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Causes of Ovarian Pain While Pregnant

author image Dr. Tina M. St. John
Dr. Tina M. St. John owns and operates a health communications and consulting firm. She is also an accomplished medical writer and editor, and was formerly a senior medical officer with the U.S. Centers for Disease Control and Prevention. St. John holds an M.D. from Emory University School of Medicine.
Causes of Ovarian Pain While Pregnant
Causes of Ovarian Pain While Pregnant Photo Credit: bernardbodo/iStock/GettyImages

Minor aches and pains occur with virtually all pregnancies. Lower abdominal pain could arise from the ovaries, although problems involving other structures can mimic ovarian pain. Possible causes include both gynecologic and nongynecologic conditions. Some pose no threat to the pregnancy or the mother while others require urgent medical treatment. Contact your healthcare provider right away if you are pregnant and experience pain in your lower abdominal pain.

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Ectopic Pregnancy

A fertilized egg normally implants in the uterine lining. With an ectopic pregnancy, implantation occurs outside the uterus, most commonly in the fallopian tube near the ovary. As the pregnancy progresses, the growing embryo stretches the tube causing pain. An ectopic pregnancy is a medical emergency because a ruptured tubal pregnancy can cause life-threatening bleeding.

Round Ligament Pain

The round ligaments arise from either side of the uterus, pass near the ovaries and attach to the pelvic wall, helping to hold the uterus in place. As the uterus grows during pregnancy, these ligaments stretch and may cause pain. Round ligament pain -- which is typically sharp and comes on suddenly -- occurs most often during the second trimester. Although decidedly uncomfortable, round ligament pain poses no threat to the mother or baby.

Ovarian Growths

Various types of ovarian growths can potentially cause ovarian pain during pregnancy. Most of these growths are noncancerous and often pose no immediate threat to the pregnancy or the mother.

Functional Ovarian Cyst

Functional ovarian cysts, which arise from egg follicles, are relatively common during pregnancy, particularly during the first trimester. Most cause no symptoms, pose no threat to the pregnancy and disappear as the pregnancy progresses. Occasionally, a functional ovarian cyst grows large enough to cause pain.

Other Ovarian Growths

After functional ovarian cysts, noncancerous ovarian tumors are the most common type of ovarian growths seen in pregnant women. These growths often cause no symptoms but might cause pain if large. A small percentage of ovarian tumors discovered during pregnancy are cancerous. Ultrasound testing and possibly other imaging or blood tests help distinguish between functional ovarian cysts, other noncancerous ovarian growths and tumors that might be cancerous. Treatment depends on the size of the growth and the probability of it being cancerous.

Ovarian Torsion and Rupture

The size of the mass is an important consideration when deciding how best to manage an ovarian growth during pregnancy. Large growths might rupture and cause bleeding. Sizable growths might also twist, causing loss of blood supply to the affected ovary, a condition known as ovarian torsion. When there is a significant risk of cancer, or ovarian torsion or rupture, surgical removal of the growth might be recommended.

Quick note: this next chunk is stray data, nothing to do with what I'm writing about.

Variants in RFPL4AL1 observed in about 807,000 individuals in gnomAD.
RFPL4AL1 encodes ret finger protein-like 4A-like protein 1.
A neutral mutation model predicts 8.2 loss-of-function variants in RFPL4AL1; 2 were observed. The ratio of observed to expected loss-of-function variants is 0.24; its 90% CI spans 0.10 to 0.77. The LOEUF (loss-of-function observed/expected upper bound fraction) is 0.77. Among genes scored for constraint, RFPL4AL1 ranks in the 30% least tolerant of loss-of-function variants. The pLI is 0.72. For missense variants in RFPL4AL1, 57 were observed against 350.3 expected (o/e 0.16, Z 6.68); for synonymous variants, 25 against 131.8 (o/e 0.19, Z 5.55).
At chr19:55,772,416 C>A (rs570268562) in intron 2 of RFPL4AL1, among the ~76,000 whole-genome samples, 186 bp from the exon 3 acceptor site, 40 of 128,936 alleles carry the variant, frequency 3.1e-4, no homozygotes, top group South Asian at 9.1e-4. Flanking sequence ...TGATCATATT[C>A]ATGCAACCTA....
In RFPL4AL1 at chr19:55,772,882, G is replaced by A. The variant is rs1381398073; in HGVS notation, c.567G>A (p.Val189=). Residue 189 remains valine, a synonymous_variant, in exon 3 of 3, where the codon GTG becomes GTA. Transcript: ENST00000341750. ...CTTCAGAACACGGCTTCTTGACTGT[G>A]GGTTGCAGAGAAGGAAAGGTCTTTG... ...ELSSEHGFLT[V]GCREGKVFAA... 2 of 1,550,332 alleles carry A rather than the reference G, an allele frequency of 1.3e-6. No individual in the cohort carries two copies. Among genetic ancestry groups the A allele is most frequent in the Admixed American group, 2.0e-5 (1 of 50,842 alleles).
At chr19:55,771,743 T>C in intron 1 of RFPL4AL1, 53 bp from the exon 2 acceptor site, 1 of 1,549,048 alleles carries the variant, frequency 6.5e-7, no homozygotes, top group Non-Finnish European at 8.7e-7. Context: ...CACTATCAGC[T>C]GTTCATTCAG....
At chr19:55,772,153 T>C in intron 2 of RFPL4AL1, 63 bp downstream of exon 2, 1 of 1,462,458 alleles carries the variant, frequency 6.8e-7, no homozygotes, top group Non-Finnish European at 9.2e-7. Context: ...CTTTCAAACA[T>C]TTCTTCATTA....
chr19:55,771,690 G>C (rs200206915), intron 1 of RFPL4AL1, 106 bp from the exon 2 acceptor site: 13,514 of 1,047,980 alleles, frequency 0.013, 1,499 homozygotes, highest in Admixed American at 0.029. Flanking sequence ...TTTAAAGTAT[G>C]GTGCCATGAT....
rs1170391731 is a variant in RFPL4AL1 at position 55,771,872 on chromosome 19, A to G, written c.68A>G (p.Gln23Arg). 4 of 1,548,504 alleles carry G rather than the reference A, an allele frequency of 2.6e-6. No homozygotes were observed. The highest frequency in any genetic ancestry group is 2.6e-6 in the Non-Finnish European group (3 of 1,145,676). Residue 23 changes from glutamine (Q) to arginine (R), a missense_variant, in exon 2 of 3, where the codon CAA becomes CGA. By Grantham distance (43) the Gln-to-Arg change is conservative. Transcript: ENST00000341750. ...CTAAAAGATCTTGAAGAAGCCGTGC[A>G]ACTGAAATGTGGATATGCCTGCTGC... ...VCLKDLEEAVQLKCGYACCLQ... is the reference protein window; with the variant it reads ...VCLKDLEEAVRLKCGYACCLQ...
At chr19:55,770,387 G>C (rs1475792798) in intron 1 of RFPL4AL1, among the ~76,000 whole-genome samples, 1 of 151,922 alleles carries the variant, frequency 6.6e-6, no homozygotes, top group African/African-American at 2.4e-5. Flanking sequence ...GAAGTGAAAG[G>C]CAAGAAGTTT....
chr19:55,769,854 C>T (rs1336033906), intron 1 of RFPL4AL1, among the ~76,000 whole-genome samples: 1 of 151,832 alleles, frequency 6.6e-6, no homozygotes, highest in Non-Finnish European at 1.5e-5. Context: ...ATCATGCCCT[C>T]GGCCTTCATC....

Ovarian Hyperstimulation Syndrome

Ovarian hyperstimulation syndrome (OHSS) is a rare complication of assisted reproductive technology, particularly when human chorionic gonadotropin is used to stimulate maturation of a woman's eggs and ovulation. With this condition, the ovaries enlarge and fill with fluid and the capillaries of the body become leaky. This leads to water leaking into the body tissues, which can cause life-threatening complications. OHSS symptoms include abdominal pain, nausea, vomiting and sudden abdominal swelling due to fluid accumulation. OHSS during early pregnancy requires urgent medical care.

Placental Abruption

Placental abruption refers to premature detachment of the placenta from the uterine wall, which leads to bleeding. Sudden abdominal pain often occurs with this condition, although this symptom might be absent with a small detachment. Placental abruption poses health risks to both the mother and baby and requires emergency evaluation.

Nongynecologic Causes

A wide variety of nongynecologic conditions can cause abdominal pain in pregnancy, just as in people who are not pregnant. A few important examples include:

  • Kidney infection
  • Urinary tract blockage by a stone or the pregnant uterus
  • Appendicitis
  • Bowel obstruction
  • Gallbladder attack

Other Considerations, Warnings and Precautions

There are other possible causes of abdominal pain that can mimic ovarian pain during pregnancy, though they tend to be less common than the conditions discussed. Contact your healthcare provider right away if you are pregnant and experience unexplained abdominal pain, which may or may not be ovarian pain. Seek urgent medical care if you experience any warning signs or symptoms, including:

  • Severe or worsening abdominal pain
  • Fever or chills
  • Vaginal bleeding
  • Dizziness, lightheadedness or fainting
  • Shortness of breath or difficulty breathing
  • Sudden increase in abdominal size
  • Sudden increase in swelling of hands or feet
  • Vision changes
  • Persistent, throbbing headache

Reviewed and revised by: Tina M. St. John, M.D.

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